The Maine House of Representatives gave initial approval to a bill that would ban tobacco sales near schools, but it appears that only one store in the entire state would be impacted. And that store is Fresh Approach, a deli directly across Brackett Street from Reiche Elementary School in Portland’s West End. Ben McCanna/Staff Photographer

Workers at Fresh Approach Meat Market scooped potato salad into takeout containers and stacked cold cuts on fluffy sandwich rolls just before the lunch rush on Wednesday. The smell of roast beef wafted through the linoleum aisles where chips, iced tea and other deli snacks are sold.

Hanging behind the register were a few containers of Advil, lighters and about a dozen packs of cigarettes.

It’s those cigarette cartons, a small part of this neighborhood deli’s business, that are the subject of a bill moving through the Maine Legislature. That’s because the store sits directly across the street from Reiche Elementary School in Portland’s West End.

The bill, sponsored by Rep. Matthew Moonen, D-Portland, would ban the sale of tobacco products within 300 feet of a school.

Fresh Approach is the only business in the state that meets that criterion.

“That business is in my district. This business sells tobacco 26 feet from my school and I would like that to stop,” Moonen told lawmakers on the House floor Tuesday night before a narrow 74-70 vote to pass the bill. The Senate is expected to vote on it any day.


A manager at Fresh Approach on Wednesday declined to speak with a reporter about the bill and an email to the business owners was not returned.


When the bill was filed at the beginning of the session, it proposed a ban on the sale of tobacco products within 1,000 feet of schools. In March, the Health and Human Services Committee approved an amendment lowering it to 500 feet. This week, the House again amended the distance to just 300 feet.

Rep. Matthew Moonen, D-Portland, listens to a member’s comment during a work session last year. Gregory Rec/Staff Photographer

In response to a series of questions about the changes, Moonen said in an email Wednesday that it was amended because of pushback from tobacco lobbyists and the Retail Association of Maine, who he said had concerns about how many businesses would be impacted.

Moonen said the original bill was crafted to match the existing laws prohibiting the sale of cannabis within 1,000 feet of schools. That would have impacted 42 retailers across the state. The 500-foot ban would have impacted just 10.

He said the change also aligns with existing state law that says alcohol cannot be sold within 300 feet of a school.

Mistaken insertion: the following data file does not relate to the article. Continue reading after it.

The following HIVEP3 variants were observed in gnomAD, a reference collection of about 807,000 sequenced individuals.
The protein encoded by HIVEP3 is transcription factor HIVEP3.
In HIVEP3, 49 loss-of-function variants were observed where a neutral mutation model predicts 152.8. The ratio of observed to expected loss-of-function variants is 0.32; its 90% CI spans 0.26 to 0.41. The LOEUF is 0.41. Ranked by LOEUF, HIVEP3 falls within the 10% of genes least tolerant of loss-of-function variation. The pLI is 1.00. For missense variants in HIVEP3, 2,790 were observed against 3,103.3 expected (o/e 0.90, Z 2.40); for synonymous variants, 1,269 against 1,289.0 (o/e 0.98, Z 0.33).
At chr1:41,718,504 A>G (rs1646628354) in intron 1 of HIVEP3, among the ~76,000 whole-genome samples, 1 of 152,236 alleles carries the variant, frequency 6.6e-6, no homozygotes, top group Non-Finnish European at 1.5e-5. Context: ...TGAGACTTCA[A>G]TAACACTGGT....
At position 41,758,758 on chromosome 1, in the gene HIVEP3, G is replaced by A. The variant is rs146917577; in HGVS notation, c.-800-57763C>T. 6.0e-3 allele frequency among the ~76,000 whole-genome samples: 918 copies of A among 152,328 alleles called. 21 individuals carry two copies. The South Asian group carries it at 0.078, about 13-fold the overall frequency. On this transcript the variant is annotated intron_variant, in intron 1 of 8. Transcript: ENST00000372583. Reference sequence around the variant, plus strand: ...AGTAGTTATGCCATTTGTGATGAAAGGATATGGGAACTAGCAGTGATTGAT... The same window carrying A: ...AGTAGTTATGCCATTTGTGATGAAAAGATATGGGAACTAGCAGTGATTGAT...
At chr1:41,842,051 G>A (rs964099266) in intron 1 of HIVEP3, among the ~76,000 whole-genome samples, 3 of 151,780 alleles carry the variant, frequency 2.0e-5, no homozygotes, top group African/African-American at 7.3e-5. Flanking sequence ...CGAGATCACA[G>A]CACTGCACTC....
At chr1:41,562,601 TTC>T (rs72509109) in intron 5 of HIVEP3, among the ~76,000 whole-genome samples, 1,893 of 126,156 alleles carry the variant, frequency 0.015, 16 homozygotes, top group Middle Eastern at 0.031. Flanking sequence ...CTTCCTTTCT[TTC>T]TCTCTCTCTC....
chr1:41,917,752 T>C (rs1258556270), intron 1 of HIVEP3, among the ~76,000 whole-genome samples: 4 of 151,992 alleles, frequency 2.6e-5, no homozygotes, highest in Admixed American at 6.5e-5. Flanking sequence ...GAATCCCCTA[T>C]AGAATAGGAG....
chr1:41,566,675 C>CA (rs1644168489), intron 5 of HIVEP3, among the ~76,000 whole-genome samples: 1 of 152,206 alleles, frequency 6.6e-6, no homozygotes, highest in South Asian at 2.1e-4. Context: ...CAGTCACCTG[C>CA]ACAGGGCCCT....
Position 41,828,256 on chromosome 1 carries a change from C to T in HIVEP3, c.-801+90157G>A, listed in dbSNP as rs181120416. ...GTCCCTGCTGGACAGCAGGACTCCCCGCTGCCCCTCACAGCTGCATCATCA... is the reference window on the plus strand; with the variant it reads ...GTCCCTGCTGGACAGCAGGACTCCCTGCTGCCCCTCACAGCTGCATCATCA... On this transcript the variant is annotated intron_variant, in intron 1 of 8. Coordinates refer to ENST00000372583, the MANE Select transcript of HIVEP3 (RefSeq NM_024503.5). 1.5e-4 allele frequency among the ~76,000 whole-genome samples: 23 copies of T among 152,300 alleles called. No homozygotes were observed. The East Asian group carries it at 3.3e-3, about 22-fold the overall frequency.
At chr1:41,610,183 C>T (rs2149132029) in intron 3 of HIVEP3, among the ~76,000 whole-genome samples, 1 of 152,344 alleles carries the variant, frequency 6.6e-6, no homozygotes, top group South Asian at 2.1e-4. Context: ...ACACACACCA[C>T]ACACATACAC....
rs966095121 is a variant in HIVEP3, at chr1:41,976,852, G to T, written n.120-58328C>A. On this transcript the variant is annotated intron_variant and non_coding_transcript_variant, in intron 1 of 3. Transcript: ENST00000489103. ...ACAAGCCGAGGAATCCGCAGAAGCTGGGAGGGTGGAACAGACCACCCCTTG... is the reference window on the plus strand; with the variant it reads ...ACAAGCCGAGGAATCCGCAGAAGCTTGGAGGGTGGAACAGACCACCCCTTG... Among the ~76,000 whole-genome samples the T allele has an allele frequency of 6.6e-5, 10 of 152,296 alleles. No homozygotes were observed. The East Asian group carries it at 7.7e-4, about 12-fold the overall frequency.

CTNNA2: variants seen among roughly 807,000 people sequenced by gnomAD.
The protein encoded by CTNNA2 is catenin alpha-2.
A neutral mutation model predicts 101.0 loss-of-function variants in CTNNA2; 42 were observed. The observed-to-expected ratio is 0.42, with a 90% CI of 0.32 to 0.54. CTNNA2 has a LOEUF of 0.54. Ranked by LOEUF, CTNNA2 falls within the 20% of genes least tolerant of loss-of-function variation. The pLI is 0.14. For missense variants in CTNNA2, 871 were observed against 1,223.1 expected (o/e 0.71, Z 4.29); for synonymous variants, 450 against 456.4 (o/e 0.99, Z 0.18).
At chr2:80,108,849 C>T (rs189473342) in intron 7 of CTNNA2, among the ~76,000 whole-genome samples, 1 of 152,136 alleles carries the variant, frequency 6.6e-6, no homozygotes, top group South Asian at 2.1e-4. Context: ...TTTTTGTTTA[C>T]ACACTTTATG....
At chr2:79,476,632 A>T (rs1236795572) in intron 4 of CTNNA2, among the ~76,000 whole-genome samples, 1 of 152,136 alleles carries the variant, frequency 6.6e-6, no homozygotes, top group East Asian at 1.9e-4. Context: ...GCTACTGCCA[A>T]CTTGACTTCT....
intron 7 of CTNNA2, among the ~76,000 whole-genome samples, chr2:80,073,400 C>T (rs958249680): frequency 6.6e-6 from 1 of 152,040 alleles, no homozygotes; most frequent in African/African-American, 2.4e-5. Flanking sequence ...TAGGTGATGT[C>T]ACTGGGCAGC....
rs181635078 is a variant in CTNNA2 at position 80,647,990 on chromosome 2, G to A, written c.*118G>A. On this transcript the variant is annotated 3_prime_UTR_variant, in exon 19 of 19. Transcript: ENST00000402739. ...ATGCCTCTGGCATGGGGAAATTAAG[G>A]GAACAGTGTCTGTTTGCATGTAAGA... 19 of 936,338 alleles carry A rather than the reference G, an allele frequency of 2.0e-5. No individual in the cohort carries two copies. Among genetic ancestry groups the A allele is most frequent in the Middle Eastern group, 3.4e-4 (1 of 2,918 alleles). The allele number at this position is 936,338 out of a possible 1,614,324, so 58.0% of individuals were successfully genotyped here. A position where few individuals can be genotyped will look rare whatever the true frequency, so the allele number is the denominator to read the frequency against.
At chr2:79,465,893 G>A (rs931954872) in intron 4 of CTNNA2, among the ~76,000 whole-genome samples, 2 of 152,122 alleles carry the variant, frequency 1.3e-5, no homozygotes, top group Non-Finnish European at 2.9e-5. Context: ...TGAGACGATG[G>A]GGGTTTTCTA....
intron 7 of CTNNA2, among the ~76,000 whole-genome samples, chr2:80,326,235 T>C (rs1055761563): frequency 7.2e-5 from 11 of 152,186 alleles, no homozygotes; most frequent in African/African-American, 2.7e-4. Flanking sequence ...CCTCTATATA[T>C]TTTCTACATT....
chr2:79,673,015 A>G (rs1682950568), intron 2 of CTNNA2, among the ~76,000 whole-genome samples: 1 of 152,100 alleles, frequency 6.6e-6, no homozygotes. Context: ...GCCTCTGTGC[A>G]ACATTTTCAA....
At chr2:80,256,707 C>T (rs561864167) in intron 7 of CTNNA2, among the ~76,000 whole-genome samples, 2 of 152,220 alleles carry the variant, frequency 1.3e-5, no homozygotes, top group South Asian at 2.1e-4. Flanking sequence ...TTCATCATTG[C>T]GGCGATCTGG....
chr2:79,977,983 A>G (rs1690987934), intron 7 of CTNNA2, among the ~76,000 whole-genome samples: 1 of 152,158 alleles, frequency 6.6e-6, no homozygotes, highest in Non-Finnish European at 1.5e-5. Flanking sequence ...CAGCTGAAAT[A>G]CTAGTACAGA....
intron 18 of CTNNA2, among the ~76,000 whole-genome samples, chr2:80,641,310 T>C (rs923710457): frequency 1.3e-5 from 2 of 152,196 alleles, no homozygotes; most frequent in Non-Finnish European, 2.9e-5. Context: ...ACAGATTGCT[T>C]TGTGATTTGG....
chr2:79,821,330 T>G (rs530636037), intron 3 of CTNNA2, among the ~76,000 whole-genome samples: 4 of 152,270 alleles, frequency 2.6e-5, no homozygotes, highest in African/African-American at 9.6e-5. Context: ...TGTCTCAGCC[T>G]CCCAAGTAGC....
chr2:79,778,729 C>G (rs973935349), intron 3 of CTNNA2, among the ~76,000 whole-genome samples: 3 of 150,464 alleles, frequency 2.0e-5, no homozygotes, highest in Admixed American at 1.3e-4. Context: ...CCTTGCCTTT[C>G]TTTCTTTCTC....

“It seems pretty modest to me to adopt this bill since we have similar laws for similar products that should not be accessible to kids,” Moonen said from the House floor.


Although a majority of House members voted to pass the bill Tuesday, many asked if it was too targeted.

“I think potentially putting one store out of business doesn’t do much to address the tobacco industry,” Rep. Joseph Perry, D-Bangor, said Tuesday during the floor debate.

“It sounds like this should be held at a city council meeting,” said Rep. Lucas Lanigan, R-Sanford. “We’re using this Legislature to micromanage and to shut down a business in someone’s community?”

Rep. Anne Graham, D-North Yarmouth, was the only representative who spoke in support of the bill, besides Moonen. “If there is one little thing I can do to get one less person addicted to tobacco, I would do it.”


The opposition from the tobacco industry was clear in written testimony submitted to the Health and Human Services committee in February.

“There are already sufficient laws in place to keep tobacco related products out of the hands of children and (I) believe that this law would take things too far and be detrimental to small Maine businesses,” wrote Adalaide Albright from Waldoboro, who works in the tobacco industry.

Matthew Allen, another tobacco industry worker, also submitted written testimony to the committee saying children are not in danger with the present laws.

“We card and scan for every single transaction,” he wrote. “We get a lot of grief from our customers over it but the simple truth is there is zero chance of us selling to a minor.”

Advocates from the American Lung Association, the American Cancer Society and the American Heart Association submitted joint testimony to the committee in support of the bill.

“Too many youth are using tobacco products and tobacco companies continue to aggressively market these products to young people,” they wrote. “L.D. 2157 can reduce the number of places where tobacco products are sold, which makes it easier to keep these products away from kids.”

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